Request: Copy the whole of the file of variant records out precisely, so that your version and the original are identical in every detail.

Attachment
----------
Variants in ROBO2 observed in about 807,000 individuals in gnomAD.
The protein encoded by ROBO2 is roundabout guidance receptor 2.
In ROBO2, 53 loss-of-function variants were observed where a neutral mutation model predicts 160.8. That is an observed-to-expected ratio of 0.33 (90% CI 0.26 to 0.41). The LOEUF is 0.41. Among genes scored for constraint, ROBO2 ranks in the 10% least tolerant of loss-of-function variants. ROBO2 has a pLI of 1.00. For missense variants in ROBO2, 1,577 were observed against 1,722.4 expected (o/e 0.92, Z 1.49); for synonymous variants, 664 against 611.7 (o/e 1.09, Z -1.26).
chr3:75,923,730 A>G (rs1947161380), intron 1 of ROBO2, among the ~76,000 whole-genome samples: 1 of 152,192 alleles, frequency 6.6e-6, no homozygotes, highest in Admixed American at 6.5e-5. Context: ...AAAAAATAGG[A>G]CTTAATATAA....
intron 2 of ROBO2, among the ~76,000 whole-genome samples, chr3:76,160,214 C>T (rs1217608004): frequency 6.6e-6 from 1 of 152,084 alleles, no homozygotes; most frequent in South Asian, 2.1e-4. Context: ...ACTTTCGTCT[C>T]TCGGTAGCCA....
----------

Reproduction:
Variants in ROBO2 observed in about 807,000 individuals in gnomAD.
The protein encoded by ROBO2 is roundabout guidance receptor 2.
In ROBO2, 53 loss-of-function variants were observed where a neutral mutation model predicts 160.8. That is an observed-to-expected ratio of 0.33 (90% CI 0.26 to 0.41). The LOEUF is 0.41. Among genes scored for constraint, ROBO2 ranks in the 10% least tolerant of loss-of-function variants. ROBO2 has a pLI of 1.00. For missense variants in ROBO2, 1,577 were observed against 1,722.4 expected (o/e 0.92, Z 1.49); for synonymous variants, 664 against 611.7 (o/e 1.09, Z -1.26).
chr3:75,923,730 A>G (rs1947161380), intron 1 of ROBO2, among the ~76,000 whole-genome samples: 1 of 152,192 alleles, frequency 6.6e-6, no homozygotes, highest in Admixed American at 6.5e-5. Context: ...AAAAAATAGG[A>G]CTTAATATAA....
intron 2 of ROBO2, among the ~76,000 whole-genome samples, chr3:76,160,214 C>T (rs1217608004): frequency 6.6e-6 from 1 of 152,084 alleles, no homozygotes; most frequent in South Asian, 2.1e-4. Context: ...ACTTTCGTCT[C>T]TCGGTAGCCA....